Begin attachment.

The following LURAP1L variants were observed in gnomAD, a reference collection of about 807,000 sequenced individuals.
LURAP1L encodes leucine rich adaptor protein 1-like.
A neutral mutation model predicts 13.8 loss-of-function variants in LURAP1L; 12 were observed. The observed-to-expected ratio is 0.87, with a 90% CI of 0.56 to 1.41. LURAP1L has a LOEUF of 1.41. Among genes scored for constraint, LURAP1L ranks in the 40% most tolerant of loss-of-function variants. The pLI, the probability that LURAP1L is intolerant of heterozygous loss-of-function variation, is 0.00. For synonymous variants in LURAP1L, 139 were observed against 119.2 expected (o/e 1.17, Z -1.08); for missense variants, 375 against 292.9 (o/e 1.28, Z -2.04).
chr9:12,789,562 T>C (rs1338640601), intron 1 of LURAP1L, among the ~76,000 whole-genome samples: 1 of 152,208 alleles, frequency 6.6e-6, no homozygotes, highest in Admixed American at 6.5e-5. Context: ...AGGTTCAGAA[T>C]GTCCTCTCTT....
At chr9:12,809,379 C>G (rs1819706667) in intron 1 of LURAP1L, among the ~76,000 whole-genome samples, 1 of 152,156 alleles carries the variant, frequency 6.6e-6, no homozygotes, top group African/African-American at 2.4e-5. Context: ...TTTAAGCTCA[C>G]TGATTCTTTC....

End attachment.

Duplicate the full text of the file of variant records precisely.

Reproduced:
The following LURAP1L variants were observed in gnomAD, a reference collection of about 807,000 sequenced individuals.
LURAP1L encodes leucine rich adaptor protein 1-like.
A neutral mutation model predicts 13.8 loss-of-function variants in LURAP1L; 12 were observed. The observed-to-expected ratio is 0.87, with a 90% CI of 0.56 to 1.41. LURAP1L has a LOEUF of 1.41. Among genes scored for constraint, LURAP1L ranks in the 40% most tolerant of loss-of-function variants. The pLI, the probability that LURAP1L is intolerant of heterozygous loss-of-function variation, is 0.00. For synonymous variants in LURAP1L, 139 were observed against 119.2 expected (o/e 1.17, Z -1.08); for missense variants, 375 against 292.9 (o/e 1.28, Z -2.04).
chr9:12,789,562 T>C (rs1338640601), intron 1 of LURAP1L, among the ~76,000 whole-genome samples: 1 of 152,208 alleles, frequency 6.6e-6, no homozygotes, highest in Admixed American at 6.5e-5. Context: ...AGGTTCAGAA[T>C]GTCCTCTCTT....
At chr9:12,809,379 C>G (rs1819706667) in intron 1 of LURAP1L, among the ~76,000 whole-genome samples, 1 of 152,156 alleles carries the variant, frequency 6.6e-6, no homozygotes, top group African/African-American at 2.4e-5. Context: ...TTTAAGCTCA[C>G]TGATTCTTTC....